It’s as though you’ve slipped through to another plane, one in which you’re not driving on instinct so much as working hand in hand with the fundamental laws of the universe. Everything slows down inside your brain, even if you’re traveling at triple-digit speeds, and everything just makes sense. Just as the brakes and tires work together to convert forward momentum into heat energy when you slow down; your eyes, brain, and body work together as part of a much larger system that encompasses not just you, but your vehicle.
Never in my life have I done any hard drugs, but I would imagine the feeling is similar to a junky who will stop at nothing to return to their euphoric state. My addiction is also chemical: Dopamine, I’m told, floods my system, and for days after an event, I’m on a high.
Sure, I’ve tried alternatives in the hope that something else can be my methadone. I’ve donned my helmet and played Gran Turismo for eight hours in a single sitting, forgetting to eat, drink, or pee. Like an ex-smoker sitting in a hazy pool hall, it made the craving worse. Autocross (shown) helps, but it’s no substitute.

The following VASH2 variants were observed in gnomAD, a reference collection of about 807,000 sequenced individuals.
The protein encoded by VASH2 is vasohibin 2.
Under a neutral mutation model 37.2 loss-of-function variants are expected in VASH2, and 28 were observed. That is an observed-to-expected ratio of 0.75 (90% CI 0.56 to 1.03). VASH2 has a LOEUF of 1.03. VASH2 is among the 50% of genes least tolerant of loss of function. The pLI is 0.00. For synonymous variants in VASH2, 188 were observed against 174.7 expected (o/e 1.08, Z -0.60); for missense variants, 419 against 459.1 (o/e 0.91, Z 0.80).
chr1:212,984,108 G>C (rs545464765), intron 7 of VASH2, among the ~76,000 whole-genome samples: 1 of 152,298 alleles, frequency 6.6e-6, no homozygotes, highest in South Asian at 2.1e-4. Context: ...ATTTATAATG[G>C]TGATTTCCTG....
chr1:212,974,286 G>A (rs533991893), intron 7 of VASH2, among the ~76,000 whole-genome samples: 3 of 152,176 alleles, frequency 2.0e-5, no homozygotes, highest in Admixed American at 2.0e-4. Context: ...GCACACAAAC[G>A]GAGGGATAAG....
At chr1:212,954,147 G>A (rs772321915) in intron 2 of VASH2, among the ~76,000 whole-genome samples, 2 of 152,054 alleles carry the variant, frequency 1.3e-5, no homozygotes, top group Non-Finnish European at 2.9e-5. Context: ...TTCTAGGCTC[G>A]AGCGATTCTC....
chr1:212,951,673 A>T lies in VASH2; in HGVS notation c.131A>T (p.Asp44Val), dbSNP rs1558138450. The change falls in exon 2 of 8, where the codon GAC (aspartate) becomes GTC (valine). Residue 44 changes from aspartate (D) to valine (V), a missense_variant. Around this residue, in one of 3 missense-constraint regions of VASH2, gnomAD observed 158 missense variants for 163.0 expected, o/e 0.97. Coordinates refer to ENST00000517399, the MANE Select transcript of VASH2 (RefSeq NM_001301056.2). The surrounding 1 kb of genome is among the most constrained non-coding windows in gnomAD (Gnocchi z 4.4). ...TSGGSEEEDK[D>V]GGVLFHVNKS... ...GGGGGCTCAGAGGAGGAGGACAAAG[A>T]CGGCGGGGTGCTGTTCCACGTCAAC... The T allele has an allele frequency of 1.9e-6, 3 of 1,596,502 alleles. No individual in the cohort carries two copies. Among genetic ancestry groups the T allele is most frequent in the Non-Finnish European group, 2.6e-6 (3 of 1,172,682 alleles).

Weeks have passed now, since my last seat time. The dopamine has long since worn off. The jonesing is unbearable—it’s always at its worst at this stage—and I know that if I don’t get back out there for a few months, it will slowly dissipate into a dull aching.